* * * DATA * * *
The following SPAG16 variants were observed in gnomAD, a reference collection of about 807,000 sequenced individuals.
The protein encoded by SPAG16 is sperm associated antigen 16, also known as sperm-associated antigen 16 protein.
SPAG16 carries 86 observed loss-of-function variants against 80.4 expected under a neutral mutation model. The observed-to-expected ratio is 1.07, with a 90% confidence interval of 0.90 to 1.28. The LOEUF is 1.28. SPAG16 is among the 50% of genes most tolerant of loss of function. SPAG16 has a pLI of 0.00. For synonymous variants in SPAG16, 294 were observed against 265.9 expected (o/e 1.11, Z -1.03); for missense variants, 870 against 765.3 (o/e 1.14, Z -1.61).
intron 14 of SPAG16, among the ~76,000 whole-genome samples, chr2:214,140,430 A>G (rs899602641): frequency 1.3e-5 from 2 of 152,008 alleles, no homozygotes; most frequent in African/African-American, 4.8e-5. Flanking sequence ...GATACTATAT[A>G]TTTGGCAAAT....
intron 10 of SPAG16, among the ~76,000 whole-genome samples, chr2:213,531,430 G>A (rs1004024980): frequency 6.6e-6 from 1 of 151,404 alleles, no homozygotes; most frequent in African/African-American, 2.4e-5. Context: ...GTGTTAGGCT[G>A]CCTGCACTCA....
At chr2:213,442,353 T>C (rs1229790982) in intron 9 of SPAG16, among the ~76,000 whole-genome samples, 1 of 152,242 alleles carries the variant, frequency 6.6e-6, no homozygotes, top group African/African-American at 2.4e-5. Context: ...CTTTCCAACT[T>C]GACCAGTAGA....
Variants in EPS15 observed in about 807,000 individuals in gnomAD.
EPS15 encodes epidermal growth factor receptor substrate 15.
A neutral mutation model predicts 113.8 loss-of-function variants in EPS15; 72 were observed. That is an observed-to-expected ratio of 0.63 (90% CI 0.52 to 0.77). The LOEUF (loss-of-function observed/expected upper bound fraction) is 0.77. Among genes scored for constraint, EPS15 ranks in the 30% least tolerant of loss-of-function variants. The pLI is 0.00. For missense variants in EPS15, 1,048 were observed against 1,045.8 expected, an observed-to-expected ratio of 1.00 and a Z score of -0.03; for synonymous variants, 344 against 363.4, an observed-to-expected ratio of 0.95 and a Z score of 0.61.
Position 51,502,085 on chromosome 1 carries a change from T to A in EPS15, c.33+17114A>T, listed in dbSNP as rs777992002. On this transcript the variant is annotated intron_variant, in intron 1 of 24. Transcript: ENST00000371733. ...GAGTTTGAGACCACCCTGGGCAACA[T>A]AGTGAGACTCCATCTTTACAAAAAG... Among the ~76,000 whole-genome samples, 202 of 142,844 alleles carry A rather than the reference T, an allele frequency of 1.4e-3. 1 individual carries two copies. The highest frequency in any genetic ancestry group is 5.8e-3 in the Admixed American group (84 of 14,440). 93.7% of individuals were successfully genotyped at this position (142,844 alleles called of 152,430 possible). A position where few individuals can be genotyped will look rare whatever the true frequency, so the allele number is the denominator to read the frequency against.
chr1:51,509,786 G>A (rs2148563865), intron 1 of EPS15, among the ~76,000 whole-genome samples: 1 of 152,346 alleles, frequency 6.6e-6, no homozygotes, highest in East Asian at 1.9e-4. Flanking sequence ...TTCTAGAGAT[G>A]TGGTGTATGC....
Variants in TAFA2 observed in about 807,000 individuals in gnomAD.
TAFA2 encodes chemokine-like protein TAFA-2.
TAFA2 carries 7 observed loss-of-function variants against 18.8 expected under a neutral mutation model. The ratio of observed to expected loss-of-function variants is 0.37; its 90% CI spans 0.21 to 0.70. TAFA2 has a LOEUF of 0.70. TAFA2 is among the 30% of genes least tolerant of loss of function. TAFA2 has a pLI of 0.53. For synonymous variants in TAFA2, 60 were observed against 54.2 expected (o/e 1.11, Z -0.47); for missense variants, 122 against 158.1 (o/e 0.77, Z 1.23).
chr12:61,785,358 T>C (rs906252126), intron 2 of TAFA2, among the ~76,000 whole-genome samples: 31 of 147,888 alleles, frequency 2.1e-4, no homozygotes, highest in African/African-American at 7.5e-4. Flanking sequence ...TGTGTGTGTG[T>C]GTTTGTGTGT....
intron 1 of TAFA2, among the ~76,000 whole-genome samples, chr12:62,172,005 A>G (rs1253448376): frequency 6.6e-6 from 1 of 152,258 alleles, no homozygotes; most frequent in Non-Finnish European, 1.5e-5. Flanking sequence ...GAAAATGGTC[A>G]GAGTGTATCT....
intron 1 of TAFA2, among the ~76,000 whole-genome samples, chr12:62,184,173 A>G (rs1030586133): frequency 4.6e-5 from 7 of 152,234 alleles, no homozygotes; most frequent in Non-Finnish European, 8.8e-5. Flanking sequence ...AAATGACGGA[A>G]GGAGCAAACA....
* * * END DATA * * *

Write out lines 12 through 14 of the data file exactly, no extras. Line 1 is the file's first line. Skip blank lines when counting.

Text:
Variants in TAFA2 observed in about 807,000 individuals in gnomAD.
TAFA2 encodes chemokine-like protein TAFA-2.
TAFA2 carries 7 observed loss-of-function variants against 18.8 expected under a neutral mutation model. The ratio of observed to expected loss-of-function variants is 0.37; its 90% CI spans 0.21 to 0.70. TAFA2 has a LOEUF of 0.70. TAFA2 is among the 30% of genes least tolerant of loss of function. TAFA2 has a pLI of 0.53. For synonymous variants in TAFA2, 60 were observed against 54.2 expected (o/e 1.11, Z -0.47); for missense variants, 122 against 158.1 (o/e 0.77, Z 1.23).